Indeed, the lessons have been painful and tough. Yet, those lessons will serve Stephen and all Cadets for a lifetime. We are proud to be among the parents of Cadets at West Point. We are proud to support the ideals of an institution approaching 200 years of quality
It all centers around healthy challenge. Son #1 could have gone to MIT, Cal Tech, Harvard or Princeton with his 800 Math SAT and grades, but guess what? He didn't want to be just a "nerd." For him, the physical is more of a challenge than the mental, and since West Point included the physical as an integral part of their program, that looked good to him.
As an Eagle Scout by the time he was 14, he also had the concept of serving inculcated into his character, and what better place to do it? When we asked him about his final decision between the two academies, Air Force and West Point, he said, "Mom, I think it would be more noble to be a leader of men, than to be a master of a machine." (i.e., a pilot, even though he was physically pilot qualified).
Here's another interesting tidbit. When the Princeton admissions officer called him regarding his final choice, and Chad told him it was going to be West Point, the officer hesitated a minute, then said, "I can't fault you there, son, that's my alma mater."
What do we think they will get at West Point that they might not have at their other opportunities? Moral and ethical character development. Emphasis on integrity. The opportunity to understand the rewards of endurance and perseverance firsthand. Commitment. The experience at West Point requires priority-setting and time management, while at the same time is protected/structured enough to insure success like no other environment we know. Leadership skills. A broader-based education than is required or rewarded elsewhere. The best of academics.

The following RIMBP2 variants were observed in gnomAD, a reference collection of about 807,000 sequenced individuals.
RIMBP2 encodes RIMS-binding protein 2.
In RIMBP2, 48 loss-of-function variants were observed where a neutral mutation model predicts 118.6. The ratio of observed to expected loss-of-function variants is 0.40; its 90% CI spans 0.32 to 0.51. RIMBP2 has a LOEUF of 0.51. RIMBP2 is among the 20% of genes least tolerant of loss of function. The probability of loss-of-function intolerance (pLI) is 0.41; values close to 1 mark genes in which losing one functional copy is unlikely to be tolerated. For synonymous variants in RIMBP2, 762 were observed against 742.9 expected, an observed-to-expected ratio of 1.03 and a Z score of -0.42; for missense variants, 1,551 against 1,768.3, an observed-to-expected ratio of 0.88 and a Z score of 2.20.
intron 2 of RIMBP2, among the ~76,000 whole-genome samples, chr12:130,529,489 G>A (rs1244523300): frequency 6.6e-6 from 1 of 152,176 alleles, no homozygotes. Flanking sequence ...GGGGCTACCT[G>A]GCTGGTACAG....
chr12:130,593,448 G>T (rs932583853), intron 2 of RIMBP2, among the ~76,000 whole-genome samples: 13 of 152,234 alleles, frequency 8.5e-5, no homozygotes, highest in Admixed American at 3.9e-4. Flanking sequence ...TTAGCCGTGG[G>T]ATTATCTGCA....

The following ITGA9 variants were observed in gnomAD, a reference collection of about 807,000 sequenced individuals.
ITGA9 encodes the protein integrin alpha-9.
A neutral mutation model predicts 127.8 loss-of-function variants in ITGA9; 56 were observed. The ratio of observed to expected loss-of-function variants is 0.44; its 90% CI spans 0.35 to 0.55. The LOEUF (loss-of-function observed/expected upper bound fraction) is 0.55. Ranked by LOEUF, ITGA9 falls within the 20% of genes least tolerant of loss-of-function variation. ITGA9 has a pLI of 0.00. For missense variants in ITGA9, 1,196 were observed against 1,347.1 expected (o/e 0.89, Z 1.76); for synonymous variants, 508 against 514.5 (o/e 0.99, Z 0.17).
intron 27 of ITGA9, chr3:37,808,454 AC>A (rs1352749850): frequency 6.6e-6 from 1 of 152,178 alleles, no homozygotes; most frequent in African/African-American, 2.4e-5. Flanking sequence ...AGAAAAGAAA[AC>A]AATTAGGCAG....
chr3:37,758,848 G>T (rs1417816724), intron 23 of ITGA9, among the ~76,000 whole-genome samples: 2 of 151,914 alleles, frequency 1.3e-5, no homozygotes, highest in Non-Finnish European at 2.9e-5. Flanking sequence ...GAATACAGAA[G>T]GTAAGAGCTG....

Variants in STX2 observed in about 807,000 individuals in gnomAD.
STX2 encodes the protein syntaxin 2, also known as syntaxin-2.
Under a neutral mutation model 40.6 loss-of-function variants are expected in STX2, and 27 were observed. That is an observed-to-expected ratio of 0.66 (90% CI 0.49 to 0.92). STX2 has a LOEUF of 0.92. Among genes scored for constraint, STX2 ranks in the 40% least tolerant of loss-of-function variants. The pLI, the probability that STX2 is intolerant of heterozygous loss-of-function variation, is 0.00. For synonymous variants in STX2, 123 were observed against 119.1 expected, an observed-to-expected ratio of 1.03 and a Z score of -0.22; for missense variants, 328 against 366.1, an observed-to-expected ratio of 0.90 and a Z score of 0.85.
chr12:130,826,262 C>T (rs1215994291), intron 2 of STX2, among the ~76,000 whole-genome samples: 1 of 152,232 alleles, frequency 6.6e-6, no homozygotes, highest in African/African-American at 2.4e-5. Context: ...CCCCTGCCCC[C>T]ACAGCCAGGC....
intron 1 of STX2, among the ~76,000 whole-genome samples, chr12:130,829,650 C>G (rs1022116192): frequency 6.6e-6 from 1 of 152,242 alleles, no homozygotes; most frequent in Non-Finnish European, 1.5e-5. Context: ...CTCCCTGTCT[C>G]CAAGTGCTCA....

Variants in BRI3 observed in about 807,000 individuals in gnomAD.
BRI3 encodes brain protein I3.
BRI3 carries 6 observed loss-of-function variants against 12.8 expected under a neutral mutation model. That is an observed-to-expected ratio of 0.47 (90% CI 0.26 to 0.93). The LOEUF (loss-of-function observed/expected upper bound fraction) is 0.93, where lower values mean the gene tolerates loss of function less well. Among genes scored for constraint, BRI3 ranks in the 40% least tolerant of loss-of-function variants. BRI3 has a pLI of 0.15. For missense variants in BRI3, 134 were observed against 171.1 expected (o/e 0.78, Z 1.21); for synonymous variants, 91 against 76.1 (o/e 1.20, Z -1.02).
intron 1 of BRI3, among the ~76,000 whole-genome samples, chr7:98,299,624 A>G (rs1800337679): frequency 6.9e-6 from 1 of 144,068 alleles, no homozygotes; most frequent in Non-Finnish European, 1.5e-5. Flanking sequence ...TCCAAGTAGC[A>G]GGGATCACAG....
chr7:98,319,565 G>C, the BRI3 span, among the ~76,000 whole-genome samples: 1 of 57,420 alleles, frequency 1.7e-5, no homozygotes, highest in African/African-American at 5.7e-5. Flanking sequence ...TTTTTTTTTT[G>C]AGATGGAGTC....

Son #2, whom we thought was going to choose Air Force Academy, also went with West Point, partly because of his brother's success and satisfaction there, but mostly because after visitations both places, he felt most comfortable at West Point, even though it's on the other side of the continent from home.
As it turned out for our son, the wait was an extra year due to a medical discharge two weeks before R-Day for the class of 2000. He underwent the required surgery and rehab for the next eight months and reapplied, attending a University near home for that year.
The endurance for this all had to be his own. We encouraged him and supported him with our prayers and advice. We think he made the right decision to attend West Point. He is made of leadership character and the essence of determination.
He is a proud member of the Class of 2001, Till Duty Is Done. We are proud of his accomplishments in many and varied activities offered at West Point, from the Dean's List, academically, to Crew Team, athletically, to Big Brother Club, socially, to Navigators Bible Study, spiritually, and probably much more, shaping him into the man God intended him to be. We're glad to be part of the process on the sidelines, cheering him on every step of the march ahead.
During W.W.II, Hollis C. Hurst, Sr. was drafted and assigned to the Army Air Corp. In the spring of 1944, Hurst applied to and was tested for acceptance at West Point. While waiting for a decision, he went to radio school at Scott Field. He received his notification of acceptance one day after the entrance date. In March of 1945, he made a second application to West Point. During this time he was a radio operator in a B29 flying out of Jamaica on submarine patrol. Before the reply came from West Point, he was transferred to Harvard, Nebraska. There he trained for bombing missions over Japan with Guam as his base. The second acceptance caught up with him at Mather Field in California when he was en route to Guam. Again, it was one day too late to enter West Point. His superior Officer called to plead his case ... as we all know!! -- to no avail!! He did fly 17 missions over Japan and later retired as Lt. Colonel.